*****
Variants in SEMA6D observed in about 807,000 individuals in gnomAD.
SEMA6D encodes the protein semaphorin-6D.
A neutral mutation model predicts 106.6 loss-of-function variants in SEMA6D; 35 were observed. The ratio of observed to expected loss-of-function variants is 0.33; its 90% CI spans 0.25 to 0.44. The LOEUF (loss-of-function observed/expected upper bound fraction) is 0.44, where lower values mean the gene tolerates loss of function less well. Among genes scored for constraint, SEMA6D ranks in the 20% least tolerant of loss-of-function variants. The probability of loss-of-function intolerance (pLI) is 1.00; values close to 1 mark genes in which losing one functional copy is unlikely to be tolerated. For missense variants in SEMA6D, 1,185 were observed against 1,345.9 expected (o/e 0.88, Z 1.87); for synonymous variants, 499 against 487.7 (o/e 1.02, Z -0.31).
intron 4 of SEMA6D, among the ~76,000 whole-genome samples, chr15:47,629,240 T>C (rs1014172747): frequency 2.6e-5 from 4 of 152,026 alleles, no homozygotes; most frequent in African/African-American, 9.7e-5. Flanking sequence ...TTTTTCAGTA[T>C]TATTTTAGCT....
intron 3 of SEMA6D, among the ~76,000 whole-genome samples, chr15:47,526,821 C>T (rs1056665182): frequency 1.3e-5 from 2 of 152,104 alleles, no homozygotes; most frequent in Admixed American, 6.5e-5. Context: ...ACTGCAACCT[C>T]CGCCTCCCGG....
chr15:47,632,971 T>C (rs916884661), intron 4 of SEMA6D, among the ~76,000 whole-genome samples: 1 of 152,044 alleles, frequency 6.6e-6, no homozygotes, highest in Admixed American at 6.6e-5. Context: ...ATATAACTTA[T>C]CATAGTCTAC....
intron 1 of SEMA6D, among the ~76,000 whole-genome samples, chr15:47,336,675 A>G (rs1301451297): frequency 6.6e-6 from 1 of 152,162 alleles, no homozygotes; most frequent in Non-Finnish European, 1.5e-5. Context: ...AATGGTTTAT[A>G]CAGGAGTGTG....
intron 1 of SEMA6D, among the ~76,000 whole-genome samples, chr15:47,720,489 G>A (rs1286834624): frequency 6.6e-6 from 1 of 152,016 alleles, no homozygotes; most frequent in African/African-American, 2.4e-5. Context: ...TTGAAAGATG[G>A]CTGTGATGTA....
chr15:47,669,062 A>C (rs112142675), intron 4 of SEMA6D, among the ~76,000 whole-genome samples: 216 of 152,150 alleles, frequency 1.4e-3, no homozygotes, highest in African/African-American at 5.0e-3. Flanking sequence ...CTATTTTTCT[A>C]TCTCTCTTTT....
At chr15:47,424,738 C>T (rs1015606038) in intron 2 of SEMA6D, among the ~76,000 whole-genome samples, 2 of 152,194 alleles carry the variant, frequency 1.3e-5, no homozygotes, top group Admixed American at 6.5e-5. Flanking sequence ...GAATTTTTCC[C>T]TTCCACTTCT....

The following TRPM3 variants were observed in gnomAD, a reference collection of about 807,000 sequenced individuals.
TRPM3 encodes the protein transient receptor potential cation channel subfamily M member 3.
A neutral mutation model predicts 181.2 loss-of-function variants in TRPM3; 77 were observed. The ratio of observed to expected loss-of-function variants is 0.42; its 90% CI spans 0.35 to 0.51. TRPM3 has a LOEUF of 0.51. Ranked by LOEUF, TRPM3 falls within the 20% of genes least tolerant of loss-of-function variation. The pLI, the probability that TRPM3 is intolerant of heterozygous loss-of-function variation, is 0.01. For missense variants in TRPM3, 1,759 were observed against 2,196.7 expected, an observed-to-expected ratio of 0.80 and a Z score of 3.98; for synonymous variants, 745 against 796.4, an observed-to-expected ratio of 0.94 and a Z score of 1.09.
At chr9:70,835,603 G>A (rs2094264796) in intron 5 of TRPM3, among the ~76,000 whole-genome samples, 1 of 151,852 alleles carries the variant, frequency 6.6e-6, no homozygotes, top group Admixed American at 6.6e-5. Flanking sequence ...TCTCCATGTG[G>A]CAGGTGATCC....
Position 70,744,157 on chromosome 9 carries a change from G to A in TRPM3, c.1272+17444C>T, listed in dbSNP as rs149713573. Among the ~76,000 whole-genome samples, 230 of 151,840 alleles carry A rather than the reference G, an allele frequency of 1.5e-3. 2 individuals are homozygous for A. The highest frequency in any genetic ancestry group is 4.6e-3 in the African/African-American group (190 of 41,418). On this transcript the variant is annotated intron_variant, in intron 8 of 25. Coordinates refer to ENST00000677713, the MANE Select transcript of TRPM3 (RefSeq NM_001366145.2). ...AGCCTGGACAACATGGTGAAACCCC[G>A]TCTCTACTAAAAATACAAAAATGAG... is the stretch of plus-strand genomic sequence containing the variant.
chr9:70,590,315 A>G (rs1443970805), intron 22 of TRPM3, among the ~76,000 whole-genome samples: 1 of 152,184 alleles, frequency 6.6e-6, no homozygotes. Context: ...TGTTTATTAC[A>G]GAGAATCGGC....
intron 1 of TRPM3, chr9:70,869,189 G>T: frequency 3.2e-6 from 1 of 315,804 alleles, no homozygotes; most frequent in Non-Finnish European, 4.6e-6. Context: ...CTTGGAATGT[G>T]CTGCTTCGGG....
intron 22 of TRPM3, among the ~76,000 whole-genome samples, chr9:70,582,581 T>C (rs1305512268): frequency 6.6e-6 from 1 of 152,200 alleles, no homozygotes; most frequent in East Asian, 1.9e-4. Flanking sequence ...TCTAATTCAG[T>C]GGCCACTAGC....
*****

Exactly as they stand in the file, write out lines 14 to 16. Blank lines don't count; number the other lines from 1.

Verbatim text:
At chr9:70,835,603 G>A (rs2094264796) in intron 5 of TRPM3, among the ~76,000 whole-genome samples, 1 of 151,852 alleles carries the variant, frequency 6.6e-6, no homozygotes, top group Admixed American at 6.6e-5. Flanking sequence ...TCTCCATGTG[G>A]CAGGTGATCC....
Position 70,744,157 on chromosome 9 carries a change from G to A in TRPM3, c.1272+17444C>T, listed in dbSNP as rs149713573. Among the ~76,000 whole-genome samples, 230 of 151,840 alleles carry A rather than the reference G, an allele frequency of 1.5e-3. 2 individuals are homozygous for A. The highest frequency in any genetic ancestry group is 4.6e-3 in the African/African-American group (190 of 41,418). On this transcript the variant is annotated intron_variant, in intron 8 of 25. Coordinates refer to ENST00000677713, the MANE Select transcript of TRPM3 (RefSeq NM_001366145.2). ...AGCCTGGACAACATGGTGAAACCCC[G>A]TCTCTACTAAAAATACAAAAATGAG... is the stretch of plus-strand genomic sequence containing the variant.
chr9:70,590,315 A>G (rs1443970805), intron 22 of TRPM3, among the ~76,000 whole-genome samples: 1 of 152,184 alleles, frequency 6.6e-6, no homozygotes. Context: ...TGTTTATTAC[A>G]GAGAATCGGC....